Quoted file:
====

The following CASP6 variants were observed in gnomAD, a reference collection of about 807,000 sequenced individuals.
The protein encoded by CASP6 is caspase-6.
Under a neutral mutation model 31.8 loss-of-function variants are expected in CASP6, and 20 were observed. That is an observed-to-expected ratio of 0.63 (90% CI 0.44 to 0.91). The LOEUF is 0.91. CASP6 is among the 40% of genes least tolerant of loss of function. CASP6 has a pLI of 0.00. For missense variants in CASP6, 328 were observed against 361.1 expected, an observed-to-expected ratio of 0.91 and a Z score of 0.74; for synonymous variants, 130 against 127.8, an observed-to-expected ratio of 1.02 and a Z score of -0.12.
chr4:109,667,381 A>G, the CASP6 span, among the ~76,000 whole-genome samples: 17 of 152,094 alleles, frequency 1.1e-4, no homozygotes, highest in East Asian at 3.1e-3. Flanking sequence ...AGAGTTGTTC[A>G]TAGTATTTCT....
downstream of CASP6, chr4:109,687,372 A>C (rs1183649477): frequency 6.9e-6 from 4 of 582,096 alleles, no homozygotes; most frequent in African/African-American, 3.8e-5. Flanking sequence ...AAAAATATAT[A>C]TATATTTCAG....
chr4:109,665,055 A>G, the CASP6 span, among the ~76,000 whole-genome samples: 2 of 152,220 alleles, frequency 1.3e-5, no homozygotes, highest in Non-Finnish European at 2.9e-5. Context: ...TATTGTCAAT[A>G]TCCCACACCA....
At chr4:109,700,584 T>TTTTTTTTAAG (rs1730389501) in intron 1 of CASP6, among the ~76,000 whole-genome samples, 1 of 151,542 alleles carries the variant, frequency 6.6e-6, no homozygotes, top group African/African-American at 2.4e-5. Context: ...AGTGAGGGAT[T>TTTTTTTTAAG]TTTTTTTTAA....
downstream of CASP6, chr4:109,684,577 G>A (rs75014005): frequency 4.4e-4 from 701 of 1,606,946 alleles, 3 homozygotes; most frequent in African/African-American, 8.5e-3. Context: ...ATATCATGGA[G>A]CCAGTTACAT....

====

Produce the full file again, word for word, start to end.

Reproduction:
The following CASP6 variants were observed in gnomAD, a reference collection of about 807,000 sequenced individuals.
The protein encoded by CASP6 is caspase-6.
Under a neutral mutation model 31.8 loss-of-function variants are expected in CASP6, and 20 were observed. That is an observed-to-expected ratio of 0.63 (90% CI 0.44 to 0.91). The LOEUF is 0.91. CASP6 is among the 40% of genes least tolerant of loss of function. CASP6 has a pLI of 0.00. For missense variants in CASP6, 328 were observed against 361.1 expected, an observed-to-expected ratio of 0.91 and a Z score of 0.74; for synonymous variants, 130 against 127.8, an observed-to-expected ratio of 1.02 and a Z score of -0.12.
chr4:109,667,381 A>G, the CASP6 span, among the ~76,000 whole-genome samples: 17 of 152,094 alleles, frequency 1.1e-4, no homozygotes, highest in East Asian at 3.1e-3. Flanking sequence ...AGAGTTGTTC[A>G]TAGTATTTCT....
downstream of CASP6, chr4:109,687,372 A>C (rs1183649477): frequency 6.9e-6 from 4 of 582,096 alleles, no homozygotes; most frequent in African/African-American, 3.8e-5. Flanking sequence ...AAAAATATAT[A>C]TATATTTCAG....
chr4:109,665,055 A>G, the CASP6 span, among the ~76,000 whole-genome samples: 2 of 152,220 alleles, frequency 1.3e-5, no homozygotes, highest in Non-Finnish European at 2.9e-5. Context: ...TATTGTCAAT[A>G]TCCCACACCA....
At chr4:109,700,584 T>TTTTTTTTAAG (rs1730389501) in intron 1 of CASP6, among the ~76,000 whole-genome samples, 1 of 151,542 alleles carries the variant, frequency 6.6e-6, no homozygotes, top group African/African-American at 2.4e-5. Context: ...AGTGAGGGAT[T>TTTTTTTTAAG]TTTTTTTTAA....
downstream of CASP6, chr4:109,684,577 G>A (rs75014005): frequency 4.4e-4 from 701 of 1,606,946 alleles, 3 homozygotes; most frequent in African/African-American, 8.5e-3. Context: ...ATATCATGGA[G>A]CCAGTTACAT....